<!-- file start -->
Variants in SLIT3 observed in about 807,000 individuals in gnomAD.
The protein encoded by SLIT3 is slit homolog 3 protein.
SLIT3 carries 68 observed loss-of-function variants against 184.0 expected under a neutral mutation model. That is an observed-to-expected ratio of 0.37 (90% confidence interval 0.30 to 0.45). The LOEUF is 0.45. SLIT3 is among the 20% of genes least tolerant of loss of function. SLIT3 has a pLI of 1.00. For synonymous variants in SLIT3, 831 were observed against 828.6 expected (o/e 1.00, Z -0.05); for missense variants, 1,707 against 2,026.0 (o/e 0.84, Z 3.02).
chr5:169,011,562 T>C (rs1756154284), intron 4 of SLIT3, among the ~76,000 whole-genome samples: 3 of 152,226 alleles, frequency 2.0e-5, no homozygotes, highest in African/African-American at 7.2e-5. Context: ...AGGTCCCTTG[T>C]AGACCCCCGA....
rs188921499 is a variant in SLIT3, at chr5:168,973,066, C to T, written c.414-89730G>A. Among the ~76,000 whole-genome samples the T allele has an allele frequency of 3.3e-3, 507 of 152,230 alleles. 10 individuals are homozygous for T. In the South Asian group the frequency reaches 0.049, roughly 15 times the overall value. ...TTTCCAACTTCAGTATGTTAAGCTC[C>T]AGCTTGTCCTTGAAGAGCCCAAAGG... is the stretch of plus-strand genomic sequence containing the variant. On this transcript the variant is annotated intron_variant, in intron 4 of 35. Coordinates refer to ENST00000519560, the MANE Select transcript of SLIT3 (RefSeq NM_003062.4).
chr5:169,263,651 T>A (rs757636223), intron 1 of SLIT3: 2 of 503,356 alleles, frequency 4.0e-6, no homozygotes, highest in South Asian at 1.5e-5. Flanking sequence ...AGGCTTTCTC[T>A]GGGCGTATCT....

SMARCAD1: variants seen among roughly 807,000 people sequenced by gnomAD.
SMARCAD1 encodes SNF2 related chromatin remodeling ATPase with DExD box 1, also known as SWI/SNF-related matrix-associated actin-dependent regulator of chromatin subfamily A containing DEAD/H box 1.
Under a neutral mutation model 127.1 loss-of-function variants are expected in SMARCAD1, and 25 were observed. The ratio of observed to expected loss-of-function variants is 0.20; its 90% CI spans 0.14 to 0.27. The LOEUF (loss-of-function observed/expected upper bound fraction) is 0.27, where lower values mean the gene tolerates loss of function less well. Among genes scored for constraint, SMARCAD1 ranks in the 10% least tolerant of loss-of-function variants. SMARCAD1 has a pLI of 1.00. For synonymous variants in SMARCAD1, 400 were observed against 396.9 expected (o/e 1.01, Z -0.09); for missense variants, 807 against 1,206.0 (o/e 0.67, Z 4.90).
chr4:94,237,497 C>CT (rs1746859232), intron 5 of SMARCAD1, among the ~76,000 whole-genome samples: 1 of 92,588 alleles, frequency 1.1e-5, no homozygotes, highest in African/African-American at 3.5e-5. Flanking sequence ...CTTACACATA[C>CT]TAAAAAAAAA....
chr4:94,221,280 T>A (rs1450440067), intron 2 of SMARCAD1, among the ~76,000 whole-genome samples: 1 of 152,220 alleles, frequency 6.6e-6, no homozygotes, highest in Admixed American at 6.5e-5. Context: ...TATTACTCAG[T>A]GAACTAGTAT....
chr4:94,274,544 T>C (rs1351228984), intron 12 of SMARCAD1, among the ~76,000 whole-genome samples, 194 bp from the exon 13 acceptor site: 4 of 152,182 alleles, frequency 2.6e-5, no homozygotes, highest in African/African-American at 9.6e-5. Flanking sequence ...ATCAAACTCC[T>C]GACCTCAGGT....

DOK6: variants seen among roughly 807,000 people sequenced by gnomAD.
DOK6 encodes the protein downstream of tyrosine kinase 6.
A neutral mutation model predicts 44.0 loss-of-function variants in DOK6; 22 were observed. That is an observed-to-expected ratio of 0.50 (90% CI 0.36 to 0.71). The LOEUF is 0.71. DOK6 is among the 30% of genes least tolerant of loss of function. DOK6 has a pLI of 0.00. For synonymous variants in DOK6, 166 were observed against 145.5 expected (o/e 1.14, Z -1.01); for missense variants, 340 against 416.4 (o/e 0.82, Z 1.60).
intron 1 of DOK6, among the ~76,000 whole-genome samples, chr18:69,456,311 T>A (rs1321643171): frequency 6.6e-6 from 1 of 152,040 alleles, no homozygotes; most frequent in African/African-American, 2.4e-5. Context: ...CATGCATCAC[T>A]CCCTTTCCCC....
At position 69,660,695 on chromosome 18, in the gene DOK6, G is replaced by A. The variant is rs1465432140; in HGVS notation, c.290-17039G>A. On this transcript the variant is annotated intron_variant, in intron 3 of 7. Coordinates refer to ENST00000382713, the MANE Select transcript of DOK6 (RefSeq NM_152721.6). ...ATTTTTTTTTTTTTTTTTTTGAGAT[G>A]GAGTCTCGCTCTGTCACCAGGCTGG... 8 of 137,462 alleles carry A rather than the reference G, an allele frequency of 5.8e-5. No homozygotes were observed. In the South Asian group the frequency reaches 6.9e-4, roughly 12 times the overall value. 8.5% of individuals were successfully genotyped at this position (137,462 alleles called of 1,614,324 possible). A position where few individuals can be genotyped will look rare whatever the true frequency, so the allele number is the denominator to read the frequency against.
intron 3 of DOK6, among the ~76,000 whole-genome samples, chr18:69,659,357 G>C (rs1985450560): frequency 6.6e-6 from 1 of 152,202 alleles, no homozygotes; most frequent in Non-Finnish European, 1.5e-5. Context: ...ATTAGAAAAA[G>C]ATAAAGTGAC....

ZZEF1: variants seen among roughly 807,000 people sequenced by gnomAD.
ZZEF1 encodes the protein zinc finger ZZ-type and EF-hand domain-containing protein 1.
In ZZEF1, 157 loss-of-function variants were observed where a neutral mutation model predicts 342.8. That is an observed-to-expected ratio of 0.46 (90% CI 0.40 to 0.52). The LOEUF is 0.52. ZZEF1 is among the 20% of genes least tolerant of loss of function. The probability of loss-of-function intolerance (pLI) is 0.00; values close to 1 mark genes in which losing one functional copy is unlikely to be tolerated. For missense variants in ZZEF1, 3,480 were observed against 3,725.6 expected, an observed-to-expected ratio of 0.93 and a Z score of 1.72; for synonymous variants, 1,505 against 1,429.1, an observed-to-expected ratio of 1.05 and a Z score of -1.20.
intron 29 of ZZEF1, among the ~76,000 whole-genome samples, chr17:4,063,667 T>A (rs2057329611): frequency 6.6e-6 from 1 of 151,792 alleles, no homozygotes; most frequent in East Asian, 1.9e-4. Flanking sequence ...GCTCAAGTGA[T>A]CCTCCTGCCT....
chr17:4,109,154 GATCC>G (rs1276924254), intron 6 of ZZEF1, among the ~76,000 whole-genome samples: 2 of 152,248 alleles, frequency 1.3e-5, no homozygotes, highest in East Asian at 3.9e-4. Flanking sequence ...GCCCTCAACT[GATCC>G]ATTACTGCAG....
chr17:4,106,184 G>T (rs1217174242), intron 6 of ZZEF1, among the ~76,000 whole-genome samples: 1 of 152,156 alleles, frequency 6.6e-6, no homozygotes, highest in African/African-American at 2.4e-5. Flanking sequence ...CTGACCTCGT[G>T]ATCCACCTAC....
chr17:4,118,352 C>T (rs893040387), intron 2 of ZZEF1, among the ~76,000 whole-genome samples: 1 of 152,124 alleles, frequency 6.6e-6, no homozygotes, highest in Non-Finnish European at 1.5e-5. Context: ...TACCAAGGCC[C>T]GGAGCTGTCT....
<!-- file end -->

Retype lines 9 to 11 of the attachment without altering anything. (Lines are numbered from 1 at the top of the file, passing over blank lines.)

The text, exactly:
Under a neutral mutation model 127.1 loss-of-function variants are expected in SMARCAD1, and 25 were observed. The ratio of observed to expected loss-of-function variants is 0.20; its 90% CI spans 0.14 to 0.27. The LOEUF (loss-of-function observed/expected upper bound fraction) is 0.27, where lower values mean the gene tolerates loss of function less well. Among genes scored for constraint, SMARCAD1 ranks in the 10% least tolerant of loss-of-function variants. SMARCAD1 has a pLI of 1.00. For synonymous variants in SMARCAD1, 400 were observed against 396.9 expected (o/e 1.01, Z -0.09); for missense variants, 807 against 1,206.0 (o/e 0.67, Z 4.90).
chr4:94,237,497 C>CT (rs1746859232), intron 5 of SMARCAD1, among the ~76,000 whole-genome samples: 1 of 92,588 alleles, frequency 1.1e-5, no homozygotes, highest in African/African-American at 3.5e-5. Flanking sequence ...CTTACACATA[C>CT]TAAAAAAAAA....
chr4:94,221,280 T>A (rs1450440067), intron 2 of SMARCAD1, among the ~76,000 whole-genome samples: 1 of 152,220 alleles, frequency 6.6e-6, no homozygotes, highest in Admixed American at 6.5e-5. Context: ...TATTACTCAG[T>A]GAACTAGTAT....